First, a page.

Author(s): Lipkin G
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Abstract Current treatments of many advanced malignancies, including melanoma, have failed to significantly reduce mortality rates, necessitating newer approaches. There is now abundant evidence that cancer cells, given the appropriate environmental and molecular context, are capable of remarkable plasticity, including complete reversal of the malignant phenotype. Such reprogramming involves both extrinsic and intrinsic factors and can occur via three routes: perturbations of extracellular matrix-cell receptor interactions, modulation of intracellular signaling pathways, and exploitation of epigenetic inheritance. Studies demonstrate the potential for producing dramatic changes in structural, biochemical, immunological, and functional properties of a broad spectrum of tumor cell types, including melanoma, leading to growth arrest, differentiation, senescence, or self destruction. Translating the promise inherent in tumor cell plasticity to the clinical arena remains a major challenge, but it is likely that a variety of epigenetic methods will play an increasingly important and effective role in the future control of malignant melanoma and other cancers.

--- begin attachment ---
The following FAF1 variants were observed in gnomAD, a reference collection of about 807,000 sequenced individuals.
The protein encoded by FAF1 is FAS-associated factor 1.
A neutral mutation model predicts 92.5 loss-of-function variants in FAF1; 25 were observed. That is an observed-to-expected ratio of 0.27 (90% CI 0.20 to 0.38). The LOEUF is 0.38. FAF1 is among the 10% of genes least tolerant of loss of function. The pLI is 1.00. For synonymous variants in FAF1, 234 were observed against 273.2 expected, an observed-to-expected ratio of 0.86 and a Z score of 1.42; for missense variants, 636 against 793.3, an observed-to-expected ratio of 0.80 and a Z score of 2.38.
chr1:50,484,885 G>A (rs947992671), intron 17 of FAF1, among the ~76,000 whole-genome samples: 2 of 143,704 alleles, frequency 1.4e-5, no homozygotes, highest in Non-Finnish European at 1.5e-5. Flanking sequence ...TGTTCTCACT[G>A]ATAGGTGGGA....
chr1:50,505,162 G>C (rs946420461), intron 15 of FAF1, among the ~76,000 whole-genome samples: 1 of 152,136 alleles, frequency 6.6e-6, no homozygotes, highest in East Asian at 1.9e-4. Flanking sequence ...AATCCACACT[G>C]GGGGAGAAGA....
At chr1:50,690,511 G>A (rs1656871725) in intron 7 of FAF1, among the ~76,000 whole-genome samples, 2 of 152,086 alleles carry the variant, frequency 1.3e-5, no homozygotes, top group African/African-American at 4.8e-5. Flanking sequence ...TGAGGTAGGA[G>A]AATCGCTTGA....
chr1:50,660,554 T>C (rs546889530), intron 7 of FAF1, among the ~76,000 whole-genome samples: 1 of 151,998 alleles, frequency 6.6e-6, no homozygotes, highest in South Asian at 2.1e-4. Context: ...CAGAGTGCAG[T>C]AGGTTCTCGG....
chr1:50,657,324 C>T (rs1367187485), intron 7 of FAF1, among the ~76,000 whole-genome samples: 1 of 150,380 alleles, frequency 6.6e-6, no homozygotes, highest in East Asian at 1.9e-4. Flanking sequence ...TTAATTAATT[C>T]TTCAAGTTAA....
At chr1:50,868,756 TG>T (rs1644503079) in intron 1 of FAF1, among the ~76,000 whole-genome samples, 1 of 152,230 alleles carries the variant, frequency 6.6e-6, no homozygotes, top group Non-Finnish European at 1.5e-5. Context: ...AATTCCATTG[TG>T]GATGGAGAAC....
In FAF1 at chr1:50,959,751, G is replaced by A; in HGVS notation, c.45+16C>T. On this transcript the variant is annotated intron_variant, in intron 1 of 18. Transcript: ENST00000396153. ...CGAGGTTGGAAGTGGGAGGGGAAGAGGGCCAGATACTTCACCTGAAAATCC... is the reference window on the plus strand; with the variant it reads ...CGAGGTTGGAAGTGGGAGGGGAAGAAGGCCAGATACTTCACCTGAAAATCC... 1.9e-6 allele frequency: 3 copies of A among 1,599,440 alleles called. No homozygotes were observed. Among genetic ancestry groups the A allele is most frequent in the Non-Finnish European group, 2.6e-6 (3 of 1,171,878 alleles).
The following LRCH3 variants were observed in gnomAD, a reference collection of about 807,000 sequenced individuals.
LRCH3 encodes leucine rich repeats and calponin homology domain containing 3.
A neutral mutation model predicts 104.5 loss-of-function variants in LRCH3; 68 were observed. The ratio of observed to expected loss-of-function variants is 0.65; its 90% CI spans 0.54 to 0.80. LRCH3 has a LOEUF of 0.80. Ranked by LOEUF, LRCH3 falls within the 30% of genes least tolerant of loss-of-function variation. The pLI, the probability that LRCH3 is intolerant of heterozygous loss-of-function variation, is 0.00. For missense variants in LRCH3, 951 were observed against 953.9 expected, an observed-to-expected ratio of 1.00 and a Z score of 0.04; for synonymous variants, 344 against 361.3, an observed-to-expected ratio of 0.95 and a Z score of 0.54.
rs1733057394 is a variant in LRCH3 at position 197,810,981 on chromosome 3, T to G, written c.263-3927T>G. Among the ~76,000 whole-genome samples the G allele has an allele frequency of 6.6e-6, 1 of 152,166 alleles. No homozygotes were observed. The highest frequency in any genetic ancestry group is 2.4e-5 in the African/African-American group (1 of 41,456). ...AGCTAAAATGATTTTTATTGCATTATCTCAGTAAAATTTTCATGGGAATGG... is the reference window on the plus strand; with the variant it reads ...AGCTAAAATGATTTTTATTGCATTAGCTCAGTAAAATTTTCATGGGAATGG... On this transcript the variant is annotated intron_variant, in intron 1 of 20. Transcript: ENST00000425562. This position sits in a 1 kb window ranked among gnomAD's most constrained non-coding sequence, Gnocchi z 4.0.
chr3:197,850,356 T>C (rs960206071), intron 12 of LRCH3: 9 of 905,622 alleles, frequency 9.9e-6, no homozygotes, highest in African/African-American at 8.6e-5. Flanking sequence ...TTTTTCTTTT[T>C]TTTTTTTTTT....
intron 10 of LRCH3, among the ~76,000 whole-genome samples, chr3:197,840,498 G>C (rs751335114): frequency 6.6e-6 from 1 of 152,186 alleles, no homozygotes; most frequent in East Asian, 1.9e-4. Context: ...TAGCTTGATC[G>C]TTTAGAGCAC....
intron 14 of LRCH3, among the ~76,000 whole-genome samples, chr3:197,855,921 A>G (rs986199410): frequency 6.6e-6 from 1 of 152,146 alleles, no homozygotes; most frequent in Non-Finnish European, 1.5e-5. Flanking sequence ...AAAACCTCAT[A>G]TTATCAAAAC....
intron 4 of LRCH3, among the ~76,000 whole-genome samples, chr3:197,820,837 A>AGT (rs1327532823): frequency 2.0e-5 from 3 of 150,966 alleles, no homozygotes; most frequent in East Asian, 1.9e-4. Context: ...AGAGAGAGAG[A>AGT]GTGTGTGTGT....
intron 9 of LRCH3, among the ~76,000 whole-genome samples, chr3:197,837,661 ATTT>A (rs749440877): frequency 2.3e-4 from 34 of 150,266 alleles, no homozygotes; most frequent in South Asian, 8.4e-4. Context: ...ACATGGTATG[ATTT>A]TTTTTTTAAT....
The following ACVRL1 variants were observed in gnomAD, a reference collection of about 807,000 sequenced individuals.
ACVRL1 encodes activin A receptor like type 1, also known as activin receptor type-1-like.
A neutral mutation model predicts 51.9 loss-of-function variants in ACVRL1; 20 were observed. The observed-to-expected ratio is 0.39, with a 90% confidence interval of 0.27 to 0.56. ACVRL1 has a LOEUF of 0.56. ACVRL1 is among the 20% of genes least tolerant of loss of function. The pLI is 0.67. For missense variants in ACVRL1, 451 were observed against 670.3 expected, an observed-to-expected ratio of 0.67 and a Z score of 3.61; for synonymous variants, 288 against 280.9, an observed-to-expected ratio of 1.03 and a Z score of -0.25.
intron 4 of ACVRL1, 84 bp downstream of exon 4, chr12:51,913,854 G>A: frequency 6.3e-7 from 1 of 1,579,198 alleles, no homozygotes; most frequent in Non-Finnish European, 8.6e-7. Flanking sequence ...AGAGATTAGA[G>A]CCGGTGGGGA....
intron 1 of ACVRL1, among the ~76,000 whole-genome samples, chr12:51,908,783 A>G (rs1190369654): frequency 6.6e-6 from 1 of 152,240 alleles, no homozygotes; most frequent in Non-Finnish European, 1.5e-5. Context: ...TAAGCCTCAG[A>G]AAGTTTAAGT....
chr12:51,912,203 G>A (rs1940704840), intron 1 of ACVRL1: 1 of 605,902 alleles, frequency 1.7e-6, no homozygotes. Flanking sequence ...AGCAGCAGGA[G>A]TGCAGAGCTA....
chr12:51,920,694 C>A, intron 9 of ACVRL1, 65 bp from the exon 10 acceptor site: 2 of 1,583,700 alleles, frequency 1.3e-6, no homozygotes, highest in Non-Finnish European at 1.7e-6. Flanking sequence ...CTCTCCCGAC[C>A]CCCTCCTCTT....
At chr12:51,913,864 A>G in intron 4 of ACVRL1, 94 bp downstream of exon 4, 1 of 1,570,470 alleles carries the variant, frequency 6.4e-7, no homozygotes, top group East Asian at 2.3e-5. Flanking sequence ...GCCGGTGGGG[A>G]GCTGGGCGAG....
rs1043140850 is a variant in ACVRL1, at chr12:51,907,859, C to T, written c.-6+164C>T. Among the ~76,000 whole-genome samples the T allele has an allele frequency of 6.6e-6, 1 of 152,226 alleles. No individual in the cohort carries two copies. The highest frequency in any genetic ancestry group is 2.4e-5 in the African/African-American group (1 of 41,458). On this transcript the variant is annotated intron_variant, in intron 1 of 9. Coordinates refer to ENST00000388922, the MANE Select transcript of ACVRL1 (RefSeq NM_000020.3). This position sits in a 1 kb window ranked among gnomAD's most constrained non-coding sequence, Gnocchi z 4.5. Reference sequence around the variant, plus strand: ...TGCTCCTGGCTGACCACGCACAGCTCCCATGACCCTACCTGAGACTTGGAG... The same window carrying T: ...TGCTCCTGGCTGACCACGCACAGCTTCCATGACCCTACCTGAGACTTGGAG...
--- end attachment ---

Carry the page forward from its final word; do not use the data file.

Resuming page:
This article was published in J Invest Dermatol
and referenced in Journal of Genetic Syndromes & Gene Therapy